Catchment management: where the river meets the sea

Time Allocation: 40 minutes*

Activity Level: Moderate


This activity investigates the journey of waste into our waterways and eventually the sea. Students explore how waste can impact our wetland and marine environments.

*Time allocation includes 20 minutes of adult preparation.


  • Printable activity sheet
  • Clipboard
  • Pencils
  • Waterproof container
  • Small jug
  • 3L water
  • 6x plastic rulers
  • 6x 1L clear containers
  • Large wooden or plastic spoon or tongs
  • Waste resources:
    1. Outside drain (100g soil/dirt or clay , 100g leaves, twigs or sticks, plastic )
    2. Kitchen Sink (100ml of vegetable oil, 100g Organic food scraps)
    3. Kitchen Sink (20ml detergent)
    4. Toilet (4 squares of toilet paper)
    5. Toilet (2 x tissues)
    6. Toilet (2 x wet wipes)
  • Instructions

    STEP 1:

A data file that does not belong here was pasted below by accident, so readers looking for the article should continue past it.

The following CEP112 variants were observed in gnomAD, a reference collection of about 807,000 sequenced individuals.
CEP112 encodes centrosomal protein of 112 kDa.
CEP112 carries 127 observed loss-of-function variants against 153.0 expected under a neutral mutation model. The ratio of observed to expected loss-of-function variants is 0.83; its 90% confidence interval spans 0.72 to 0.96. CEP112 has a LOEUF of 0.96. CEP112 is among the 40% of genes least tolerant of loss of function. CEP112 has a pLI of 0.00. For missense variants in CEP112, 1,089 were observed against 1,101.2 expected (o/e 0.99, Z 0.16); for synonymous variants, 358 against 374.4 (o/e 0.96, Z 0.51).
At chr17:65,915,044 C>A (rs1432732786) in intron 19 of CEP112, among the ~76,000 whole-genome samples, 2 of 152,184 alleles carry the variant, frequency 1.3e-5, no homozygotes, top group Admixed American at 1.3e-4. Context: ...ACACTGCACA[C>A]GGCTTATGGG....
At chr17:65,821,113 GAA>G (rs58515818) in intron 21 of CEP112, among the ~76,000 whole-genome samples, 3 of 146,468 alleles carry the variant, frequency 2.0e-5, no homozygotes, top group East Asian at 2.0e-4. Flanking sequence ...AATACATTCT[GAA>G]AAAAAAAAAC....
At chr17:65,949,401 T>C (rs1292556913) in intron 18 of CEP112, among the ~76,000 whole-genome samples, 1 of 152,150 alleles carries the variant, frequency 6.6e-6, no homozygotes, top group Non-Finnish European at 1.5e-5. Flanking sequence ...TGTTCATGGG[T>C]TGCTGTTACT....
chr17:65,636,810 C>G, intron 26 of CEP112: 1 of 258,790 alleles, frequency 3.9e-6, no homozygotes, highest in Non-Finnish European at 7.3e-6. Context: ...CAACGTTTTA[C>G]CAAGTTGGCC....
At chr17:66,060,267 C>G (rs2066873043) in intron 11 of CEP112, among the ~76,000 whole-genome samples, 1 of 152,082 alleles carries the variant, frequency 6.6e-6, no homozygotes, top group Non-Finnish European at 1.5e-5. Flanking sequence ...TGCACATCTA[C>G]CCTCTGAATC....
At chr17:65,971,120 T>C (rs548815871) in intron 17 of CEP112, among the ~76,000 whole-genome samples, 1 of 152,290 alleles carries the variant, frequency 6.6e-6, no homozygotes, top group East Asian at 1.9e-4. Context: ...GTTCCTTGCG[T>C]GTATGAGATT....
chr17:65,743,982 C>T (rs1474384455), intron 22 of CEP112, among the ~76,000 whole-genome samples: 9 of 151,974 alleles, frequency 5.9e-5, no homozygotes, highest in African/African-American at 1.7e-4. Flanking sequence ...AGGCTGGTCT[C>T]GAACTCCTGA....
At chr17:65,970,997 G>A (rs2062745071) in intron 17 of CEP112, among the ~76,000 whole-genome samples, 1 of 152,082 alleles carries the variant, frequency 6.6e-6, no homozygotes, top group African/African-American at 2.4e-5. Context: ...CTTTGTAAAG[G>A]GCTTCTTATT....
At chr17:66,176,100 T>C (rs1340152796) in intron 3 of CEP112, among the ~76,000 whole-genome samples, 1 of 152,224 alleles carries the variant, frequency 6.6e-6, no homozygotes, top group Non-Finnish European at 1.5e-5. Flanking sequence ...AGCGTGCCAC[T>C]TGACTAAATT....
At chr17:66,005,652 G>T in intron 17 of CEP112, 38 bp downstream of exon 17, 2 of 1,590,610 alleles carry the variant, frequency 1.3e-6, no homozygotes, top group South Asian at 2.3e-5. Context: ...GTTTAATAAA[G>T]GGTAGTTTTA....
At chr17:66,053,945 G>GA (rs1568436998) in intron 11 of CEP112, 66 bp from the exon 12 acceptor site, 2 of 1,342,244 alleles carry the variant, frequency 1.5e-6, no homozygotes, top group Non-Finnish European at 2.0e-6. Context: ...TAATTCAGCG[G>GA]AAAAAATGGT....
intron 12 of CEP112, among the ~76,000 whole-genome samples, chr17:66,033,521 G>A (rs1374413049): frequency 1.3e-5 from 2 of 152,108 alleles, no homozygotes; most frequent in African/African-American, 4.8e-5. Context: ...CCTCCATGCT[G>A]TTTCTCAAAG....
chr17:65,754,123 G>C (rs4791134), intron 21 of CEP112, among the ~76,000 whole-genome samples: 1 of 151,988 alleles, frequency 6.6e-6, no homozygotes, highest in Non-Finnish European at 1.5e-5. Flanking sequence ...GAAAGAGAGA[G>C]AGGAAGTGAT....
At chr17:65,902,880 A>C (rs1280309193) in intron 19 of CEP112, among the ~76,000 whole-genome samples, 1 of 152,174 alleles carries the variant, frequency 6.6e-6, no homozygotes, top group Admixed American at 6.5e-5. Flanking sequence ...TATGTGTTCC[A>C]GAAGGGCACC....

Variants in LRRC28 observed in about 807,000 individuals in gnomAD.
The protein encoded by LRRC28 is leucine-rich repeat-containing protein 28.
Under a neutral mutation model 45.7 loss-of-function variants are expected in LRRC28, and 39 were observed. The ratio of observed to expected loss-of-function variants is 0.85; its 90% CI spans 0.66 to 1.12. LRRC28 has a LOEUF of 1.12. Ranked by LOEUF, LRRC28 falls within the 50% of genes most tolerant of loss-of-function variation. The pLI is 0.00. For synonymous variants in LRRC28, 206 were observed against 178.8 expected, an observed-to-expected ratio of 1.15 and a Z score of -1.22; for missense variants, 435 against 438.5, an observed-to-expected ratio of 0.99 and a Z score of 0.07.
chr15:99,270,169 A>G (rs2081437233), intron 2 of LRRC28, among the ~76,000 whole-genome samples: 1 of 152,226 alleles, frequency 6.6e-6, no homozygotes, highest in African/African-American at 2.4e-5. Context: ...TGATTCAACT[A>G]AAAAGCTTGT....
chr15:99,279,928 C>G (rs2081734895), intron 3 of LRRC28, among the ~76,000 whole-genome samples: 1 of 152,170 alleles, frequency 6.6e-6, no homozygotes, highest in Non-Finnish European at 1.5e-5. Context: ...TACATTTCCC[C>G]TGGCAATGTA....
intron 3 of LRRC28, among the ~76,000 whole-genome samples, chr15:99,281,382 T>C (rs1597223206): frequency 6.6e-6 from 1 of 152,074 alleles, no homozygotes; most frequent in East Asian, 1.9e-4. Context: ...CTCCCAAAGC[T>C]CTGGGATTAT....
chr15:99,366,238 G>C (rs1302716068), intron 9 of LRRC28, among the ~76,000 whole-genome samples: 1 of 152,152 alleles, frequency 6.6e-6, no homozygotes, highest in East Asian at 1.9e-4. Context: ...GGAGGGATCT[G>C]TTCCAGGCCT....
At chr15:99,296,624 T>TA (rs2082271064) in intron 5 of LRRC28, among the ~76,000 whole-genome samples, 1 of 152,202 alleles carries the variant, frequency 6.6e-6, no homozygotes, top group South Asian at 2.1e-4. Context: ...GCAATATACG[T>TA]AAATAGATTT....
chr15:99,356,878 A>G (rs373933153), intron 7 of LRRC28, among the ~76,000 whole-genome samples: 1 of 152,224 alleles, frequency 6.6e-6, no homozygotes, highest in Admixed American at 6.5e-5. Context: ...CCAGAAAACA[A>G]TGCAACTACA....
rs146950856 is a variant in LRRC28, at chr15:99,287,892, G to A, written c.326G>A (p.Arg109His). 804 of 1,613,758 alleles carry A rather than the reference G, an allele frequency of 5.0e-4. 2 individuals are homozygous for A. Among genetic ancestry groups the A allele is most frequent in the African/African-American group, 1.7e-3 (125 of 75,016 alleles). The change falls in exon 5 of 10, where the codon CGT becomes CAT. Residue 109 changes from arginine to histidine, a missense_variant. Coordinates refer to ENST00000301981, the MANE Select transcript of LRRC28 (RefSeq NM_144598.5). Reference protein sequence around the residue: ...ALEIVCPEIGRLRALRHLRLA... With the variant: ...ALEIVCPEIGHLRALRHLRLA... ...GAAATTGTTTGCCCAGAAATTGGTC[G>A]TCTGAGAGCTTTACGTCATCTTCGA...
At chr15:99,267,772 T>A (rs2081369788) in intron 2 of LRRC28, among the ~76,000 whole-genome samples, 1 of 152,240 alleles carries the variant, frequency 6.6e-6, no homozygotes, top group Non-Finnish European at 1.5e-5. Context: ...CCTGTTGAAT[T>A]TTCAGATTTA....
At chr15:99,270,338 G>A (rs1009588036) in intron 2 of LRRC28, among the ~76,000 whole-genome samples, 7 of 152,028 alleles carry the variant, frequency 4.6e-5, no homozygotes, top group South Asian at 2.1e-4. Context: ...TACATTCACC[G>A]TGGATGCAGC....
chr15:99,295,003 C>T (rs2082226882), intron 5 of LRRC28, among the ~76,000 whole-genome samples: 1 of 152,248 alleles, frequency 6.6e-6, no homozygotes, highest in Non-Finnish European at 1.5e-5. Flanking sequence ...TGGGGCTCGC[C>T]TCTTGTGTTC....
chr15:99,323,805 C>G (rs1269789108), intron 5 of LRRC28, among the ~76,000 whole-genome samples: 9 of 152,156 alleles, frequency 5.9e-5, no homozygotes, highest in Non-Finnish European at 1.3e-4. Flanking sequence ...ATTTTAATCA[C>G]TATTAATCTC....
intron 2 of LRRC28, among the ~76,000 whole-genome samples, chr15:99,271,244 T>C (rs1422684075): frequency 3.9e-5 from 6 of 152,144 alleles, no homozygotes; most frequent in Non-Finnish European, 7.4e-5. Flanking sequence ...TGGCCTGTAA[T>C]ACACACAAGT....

The journey so far

    As a class, discuss the impact of the local land uses you identified in the water sustainability activity – specifically around waste.

    Does urban, industrial and stormwater waste generated in your local area have any downstream impacts?

    STEP 2:

    Experiment: sink, float or dissolve

    Let’s test a few common materials that end up in our stormwater and wastewater systems:

    Fill 6 x 1L clear containers with 500ml of water. Follow the instructions in the activity sheet and add the materials to the containers.

    Stir each container with the plastic ruler; observe and record the changes in the activity observation sheet.

    STEP 3:

    Were you surprised by the results of the experiment?

    Does this change your attitude to waste in our waterways and their downstream impacts?

    STEP 4:

    What now?

    Use all the knowledge gained from the Catchment Management activities to discuss what you can do to reduce your water consumption and reduce the amount of waste entering out wastewater and stormwater systems.

    Extension Activity

    Monitor the toilet paper, tissue and wet wipes to see how long it takes them to break down in water. Check on your experiment each day over the next 4 weeks to see and record if they have broken down.

    Now that you understand more about your local catchment, how can you share your discoveries to motivate others? Devise an onsite project to gather support and increase awareness with your peers and the community.